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85

Second steep of this tea and the honey notes seem to have disappeared and the baked flavour is slightly more pronouced.

Preparation
200 °F / 93 °C 2 min, 0 sec
Rena Sherwood

Man, you’re braver than I am. Any tea named “Iron Goddess of Mercy” sounds too scary to drink. I appreciate you taking the time to do the reviews, though.

Angrboda

:D It’s just the western name for Tie Kuan Yin. :) She’s an important goddess in Chinese mythology. I really like the legend behind the tea. For some reason I can’t quite pinpoint, they really speak to my imagination. Check them out at wikipedia here http://en.wikipedia.org/wiki/Tie_kuan_yin
I like the Wei legend best.

Jillian

I like the Wei version too. It’s a simple story about the rewards of devotion, but it’s themes are something everyone can understand and relate to, no matter what their religion or country. :)

Rena Sherwood

Kuan Yin is a much better name for a tea than “Iron Goddess of Mercy”, because “iron” is inflexible, hard and doesn’t quite fit in with the concept of “mercy”. Also, people shopping for tea would read the name and may conclude that the tea tstes like iron.

Jillian

Actually I thought the name sounded kinda cool and intriguing, like I KNEW there was a story behind it – but then that’s just me. Plus you can’t really argue with a tradition as old as this one. ;)

Angrboda

For me, one of the big selling points on chinese teas are the names. Of course I have a hard time remembering which is what with most of them, but I like making mangled attempts at trying to pronounce them, and they all have such poetic meanings. Like this one, for example, or chun mee which means ‘precious eyebrow’. I’ve forgotten what bi lou chun means…

Auggy

Isn’t that something about a snail? Or is that another one?

Jillian

*Looks it up on Wikipedia" Apparently it means ‘Green Snail Spring’

takgoti

D’oh! Refresh fail!

Jillian

Bwhahaha, to slow! :P

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85

I steeped this tea a little differently this time, adding less dry leaf but steeping it longer. I am getting that vegetal/spinach-like taste still but it’s slightly, but distinctly honey-sweet aswell. It’s also still slightly baked though mostly on the aftertaste

Preparation
200 °F / 93 °C 1 min, 0 sec
takgoti

ACK. I just realized it’s been a very long time since I’ve had an oolong tea, which makes me sad. And I have a lot of them that I need to try. I officially declare tomorrow oolong day. Oolong and…physics.

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96

I’ve realized that this tea tastes a lot like those After Eight chocolates without the sweetness. The chocolate is very much a cocoa-y dark chocolate flavour rather than the lighter and sweeter milk chocolate.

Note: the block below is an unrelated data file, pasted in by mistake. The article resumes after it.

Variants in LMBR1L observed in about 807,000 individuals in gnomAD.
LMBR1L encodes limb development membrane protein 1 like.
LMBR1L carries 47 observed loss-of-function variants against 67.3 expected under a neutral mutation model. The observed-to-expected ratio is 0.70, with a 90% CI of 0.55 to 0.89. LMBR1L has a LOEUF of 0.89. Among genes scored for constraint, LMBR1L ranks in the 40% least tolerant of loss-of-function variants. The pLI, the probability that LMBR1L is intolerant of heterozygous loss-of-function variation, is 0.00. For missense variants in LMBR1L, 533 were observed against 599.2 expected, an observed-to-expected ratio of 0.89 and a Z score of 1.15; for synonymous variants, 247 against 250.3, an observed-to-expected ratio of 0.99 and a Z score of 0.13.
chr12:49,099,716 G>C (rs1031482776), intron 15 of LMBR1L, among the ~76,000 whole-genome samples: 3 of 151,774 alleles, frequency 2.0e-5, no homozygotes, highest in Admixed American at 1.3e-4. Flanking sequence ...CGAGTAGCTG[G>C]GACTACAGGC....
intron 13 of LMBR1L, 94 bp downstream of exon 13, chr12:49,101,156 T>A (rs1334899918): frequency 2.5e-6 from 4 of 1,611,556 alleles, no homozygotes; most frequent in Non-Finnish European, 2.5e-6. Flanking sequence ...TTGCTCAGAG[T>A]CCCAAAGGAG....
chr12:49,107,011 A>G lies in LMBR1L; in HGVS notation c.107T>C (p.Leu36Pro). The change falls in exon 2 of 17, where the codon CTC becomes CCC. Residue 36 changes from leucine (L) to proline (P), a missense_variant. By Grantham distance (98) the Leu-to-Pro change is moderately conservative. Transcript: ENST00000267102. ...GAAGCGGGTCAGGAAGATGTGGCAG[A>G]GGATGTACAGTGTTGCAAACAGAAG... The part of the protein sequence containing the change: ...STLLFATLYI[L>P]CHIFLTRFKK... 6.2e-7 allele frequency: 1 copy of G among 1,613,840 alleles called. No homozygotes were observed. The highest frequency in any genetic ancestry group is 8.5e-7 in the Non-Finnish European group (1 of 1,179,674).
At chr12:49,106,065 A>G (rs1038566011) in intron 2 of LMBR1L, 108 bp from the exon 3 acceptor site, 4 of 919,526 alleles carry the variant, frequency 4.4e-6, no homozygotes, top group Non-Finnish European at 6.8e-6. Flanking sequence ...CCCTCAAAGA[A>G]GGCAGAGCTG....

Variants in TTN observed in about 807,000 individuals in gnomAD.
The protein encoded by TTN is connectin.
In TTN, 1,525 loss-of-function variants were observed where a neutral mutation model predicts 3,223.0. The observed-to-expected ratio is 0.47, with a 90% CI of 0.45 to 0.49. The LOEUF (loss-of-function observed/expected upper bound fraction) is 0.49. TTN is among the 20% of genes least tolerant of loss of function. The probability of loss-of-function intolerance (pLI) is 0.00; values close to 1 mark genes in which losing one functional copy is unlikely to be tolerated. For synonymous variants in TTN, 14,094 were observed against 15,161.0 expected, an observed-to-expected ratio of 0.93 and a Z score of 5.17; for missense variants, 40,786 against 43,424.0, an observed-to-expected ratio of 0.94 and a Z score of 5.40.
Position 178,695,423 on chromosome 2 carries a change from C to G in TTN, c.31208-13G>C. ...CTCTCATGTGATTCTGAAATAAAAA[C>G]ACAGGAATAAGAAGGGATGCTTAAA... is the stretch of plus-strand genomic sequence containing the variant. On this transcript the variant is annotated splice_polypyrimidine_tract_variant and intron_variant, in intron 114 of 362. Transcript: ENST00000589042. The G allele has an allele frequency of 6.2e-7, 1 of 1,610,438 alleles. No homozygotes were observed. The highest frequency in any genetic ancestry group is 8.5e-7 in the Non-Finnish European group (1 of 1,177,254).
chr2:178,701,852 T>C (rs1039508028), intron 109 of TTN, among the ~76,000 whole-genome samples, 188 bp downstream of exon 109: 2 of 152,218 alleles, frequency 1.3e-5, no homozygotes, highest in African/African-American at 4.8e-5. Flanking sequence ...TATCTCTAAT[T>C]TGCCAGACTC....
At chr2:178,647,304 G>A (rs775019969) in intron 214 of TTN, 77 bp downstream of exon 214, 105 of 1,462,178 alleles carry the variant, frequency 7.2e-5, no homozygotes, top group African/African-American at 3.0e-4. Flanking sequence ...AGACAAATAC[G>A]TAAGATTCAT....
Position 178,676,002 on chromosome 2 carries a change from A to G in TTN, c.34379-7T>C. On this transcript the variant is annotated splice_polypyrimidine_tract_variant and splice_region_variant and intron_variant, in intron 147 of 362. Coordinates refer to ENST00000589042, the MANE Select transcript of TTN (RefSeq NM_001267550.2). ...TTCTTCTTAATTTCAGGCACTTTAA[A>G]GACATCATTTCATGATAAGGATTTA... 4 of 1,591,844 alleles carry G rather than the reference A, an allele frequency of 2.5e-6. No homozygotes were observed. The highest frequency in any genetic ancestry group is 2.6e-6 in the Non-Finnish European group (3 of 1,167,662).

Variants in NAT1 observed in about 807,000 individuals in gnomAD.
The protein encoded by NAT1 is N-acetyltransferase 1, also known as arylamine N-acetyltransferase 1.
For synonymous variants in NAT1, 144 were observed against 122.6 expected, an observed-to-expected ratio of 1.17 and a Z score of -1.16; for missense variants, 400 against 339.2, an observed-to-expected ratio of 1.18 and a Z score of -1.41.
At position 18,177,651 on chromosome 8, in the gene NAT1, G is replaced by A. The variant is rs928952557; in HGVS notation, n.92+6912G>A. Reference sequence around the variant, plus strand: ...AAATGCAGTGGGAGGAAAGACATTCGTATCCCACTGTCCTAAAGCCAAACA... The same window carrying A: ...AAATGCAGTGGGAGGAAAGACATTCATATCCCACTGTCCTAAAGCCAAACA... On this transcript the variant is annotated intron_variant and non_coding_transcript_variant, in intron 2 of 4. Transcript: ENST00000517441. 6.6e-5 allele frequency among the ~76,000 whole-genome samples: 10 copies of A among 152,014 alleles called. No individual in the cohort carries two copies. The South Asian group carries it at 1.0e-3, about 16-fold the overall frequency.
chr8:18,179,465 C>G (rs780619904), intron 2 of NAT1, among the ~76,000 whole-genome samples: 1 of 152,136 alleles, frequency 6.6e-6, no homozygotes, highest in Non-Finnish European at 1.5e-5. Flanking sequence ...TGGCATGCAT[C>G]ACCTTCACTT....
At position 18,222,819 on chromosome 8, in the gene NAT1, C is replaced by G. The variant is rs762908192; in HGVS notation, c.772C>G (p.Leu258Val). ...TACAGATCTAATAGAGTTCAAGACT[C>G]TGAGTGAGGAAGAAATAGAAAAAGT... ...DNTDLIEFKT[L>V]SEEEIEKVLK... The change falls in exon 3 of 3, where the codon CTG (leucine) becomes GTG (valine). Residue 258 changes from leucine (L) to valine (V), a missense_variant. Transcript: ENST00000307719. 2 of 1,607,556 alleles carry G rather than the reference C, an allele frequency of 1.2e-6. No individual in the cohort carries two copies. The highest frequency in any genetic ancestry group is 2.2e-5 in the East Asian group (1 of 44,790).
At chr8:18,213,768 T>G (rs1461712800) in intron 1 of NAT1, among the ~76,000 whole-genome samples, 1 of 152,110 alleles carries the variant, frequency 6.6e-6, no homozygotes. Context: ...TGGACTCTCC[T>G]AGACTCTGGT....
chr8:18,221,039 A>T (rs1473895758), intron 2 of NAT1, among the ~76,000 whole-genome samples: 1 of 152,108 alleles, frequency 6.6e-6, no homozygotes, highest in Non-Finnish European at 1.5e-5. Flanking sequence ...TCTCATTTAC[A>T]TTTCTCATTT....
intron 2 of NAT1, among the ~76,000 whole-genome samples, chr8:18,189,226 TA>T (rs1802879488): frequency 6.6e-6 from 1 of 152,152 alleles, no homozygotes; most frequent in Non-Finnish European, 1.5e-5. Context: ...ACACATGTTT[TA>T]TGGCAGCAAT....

Preparation
Boiling 5 min, 0 sec

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85

This does smell and taste baked but it’s almost more a yeasty, fresh-baked bread sort of taste. But I’m also noticing a vegetable-like undertone, almost like spinach. Cooked spinach and bread? Spinach bread? XD

Preparation
200 °F / 93 °C 0 min, 30 sec

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96

Not that many kids tonight so that means MOAR HALLOWEEN CANDY FOR ME, MWHAHAHA! XD

I’m drinking this to combat the sugar overdose, although it might be fighting a losing battle. Oh well, at least I can say that this is one chocolate that won’t go straight to my hips! ;)

Preparation
Boiling 5 min, 0 sec

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75

Made a pot for myself and the boyfriend this morning, as we both stayed up until ridiculous hours studying for midterm exams.

Steeped for 4 min and added skim milk. I was afraid the rose would be overpowering with the extra steeping time but that wasn’t really the case (or maybe we were in too much of a rush to notice).

Preparation
Boiling 4 min, 0 sec

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75

Steeped this morning for 2.5 minutes and it came out very nice with the rose not too overpowering.

Preparation
Boiling 2 min, 30 sec

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85

This was a really interesting tea, the steeping recommendations were for 2 tsps for 30 seconds in 190 F water. Lacking a working thermometer I had to guestimate on the water temp, but it doesn’t seem to have hurt anything.

The first steep had a sort of clear, slightly sweet taste (I have no idead what to compare it to) on the tip of the tongue which faded into a baked flavour I’m familiar with in my Formosa Oolongs (although not as strong).

The second steep (for 1 min) tasted much more vegetal, almost like a green tea – did someone switch the leaves on me while I wasn’t looking?! It also had that hint of clear sweetness, particularly as it cooled.

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96

Forgot to log this tea last night.

Preparation
Boiling 5 min, 0 sec